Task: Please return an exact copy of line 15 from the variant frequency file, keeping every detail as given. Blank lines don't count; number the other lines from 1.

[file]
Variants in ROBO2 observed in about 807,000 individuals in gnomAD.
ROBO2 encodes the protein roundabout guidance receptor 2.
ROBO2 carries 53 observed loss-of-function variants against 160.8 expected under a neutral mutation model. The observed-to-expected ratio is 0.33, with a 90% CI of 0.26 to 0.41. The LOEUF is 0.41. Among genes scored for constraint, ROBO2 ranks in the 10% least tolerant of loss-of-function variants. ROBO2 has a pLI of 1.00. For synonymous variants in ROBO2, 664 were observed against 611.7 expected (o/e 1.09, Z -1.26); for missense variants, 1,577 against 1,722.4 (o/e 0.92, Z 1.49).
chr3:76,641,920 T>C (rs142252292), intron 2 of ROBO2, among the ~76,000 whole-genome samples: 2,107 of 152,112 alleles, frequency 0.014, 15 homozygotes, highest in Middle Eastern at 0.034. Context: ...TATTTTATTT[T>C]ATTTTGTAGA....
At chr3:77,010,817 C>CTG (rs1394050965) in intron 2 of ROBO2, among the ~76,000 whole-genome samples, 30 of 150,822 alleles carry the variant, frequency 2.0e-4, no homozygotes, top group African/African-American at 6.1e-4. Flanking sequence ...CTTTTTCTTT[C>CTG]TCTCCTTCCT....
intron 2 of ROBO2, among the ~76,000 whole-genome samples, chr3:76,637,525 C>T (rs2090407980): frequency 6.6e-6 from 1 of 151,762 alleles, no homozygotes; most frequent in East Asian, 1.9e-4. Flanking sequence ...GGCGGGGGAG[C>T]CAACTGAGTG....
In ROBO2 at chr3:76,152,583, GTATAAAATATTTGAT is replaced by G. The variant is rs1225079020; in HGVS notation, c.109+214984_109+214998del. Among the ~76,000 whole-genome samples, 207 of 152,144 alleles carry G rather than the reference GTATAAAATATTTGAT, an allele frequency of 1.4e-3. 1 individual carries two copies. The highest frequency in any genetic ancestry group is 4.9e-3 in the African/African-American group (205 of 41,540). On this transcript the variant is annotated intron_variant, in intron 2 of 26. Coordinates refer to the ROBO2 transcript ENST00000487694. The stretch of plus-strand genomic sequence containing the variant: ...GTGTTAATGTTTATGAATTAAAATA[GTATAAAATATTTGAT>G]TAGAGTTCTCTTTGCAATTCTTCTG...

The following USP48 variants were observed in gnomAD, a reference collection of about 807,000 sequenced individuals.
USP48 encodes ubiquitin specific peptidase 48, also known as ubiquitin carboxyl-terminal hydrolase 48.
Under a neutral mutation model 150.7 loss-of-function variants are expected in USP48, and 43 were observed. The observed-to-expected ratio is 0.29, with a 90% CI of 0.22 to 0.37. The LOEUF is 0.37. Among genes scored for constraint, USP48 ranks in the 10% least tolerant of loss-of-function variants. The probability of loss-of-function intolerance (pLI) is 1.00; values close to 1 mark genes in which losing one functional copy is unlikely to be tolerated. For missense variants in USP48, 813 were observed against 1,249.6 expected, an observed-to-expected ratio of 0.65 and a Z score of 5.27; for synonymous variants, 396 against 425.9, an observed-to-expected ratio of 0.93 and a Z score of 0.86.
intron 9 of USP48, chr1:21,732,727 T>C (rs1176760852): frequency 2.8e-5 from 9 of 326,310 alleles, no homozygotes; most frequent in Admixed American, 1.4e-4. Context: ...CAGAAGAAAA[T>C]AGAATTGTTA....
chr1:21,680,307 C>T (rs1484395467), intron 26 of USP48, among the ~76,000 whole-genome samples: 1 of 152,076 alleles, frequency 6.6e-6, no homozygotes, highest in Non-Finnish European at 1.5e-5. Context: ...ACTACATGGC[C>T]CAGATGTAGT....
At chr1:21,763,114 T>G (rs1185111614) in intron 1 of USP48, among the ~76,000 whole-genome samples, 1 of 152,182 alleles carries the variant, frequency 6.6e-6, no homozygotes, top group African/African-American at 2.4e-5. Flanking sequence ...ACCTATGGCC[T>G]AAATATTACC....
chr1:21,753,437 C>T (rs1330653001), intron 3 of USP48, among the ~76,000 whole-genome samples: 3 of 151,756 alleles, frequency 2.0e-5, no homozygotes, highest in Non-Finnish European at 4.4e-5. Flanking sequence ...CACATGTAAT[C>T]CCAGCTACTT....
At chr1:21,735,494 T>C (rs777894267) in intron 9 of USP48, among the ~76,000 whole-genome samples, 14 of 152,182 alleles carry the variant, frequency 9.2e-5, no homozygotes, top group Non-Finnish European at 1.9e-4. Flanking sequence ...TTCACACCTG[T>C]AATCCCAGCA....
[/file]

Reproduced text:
At chr1:21,735,494 T>C (rs777894267) in intron 9 of USP48, among the ~76,000 whole-genome samples, 14 of 152,182 alleles carry the variant, frequency 9.2e-5, no homozygotes, top group Non-Finnish European at 1.9e-4. Flanking sequence ...TTCACACCTG[T>C]AATCCCAGCA....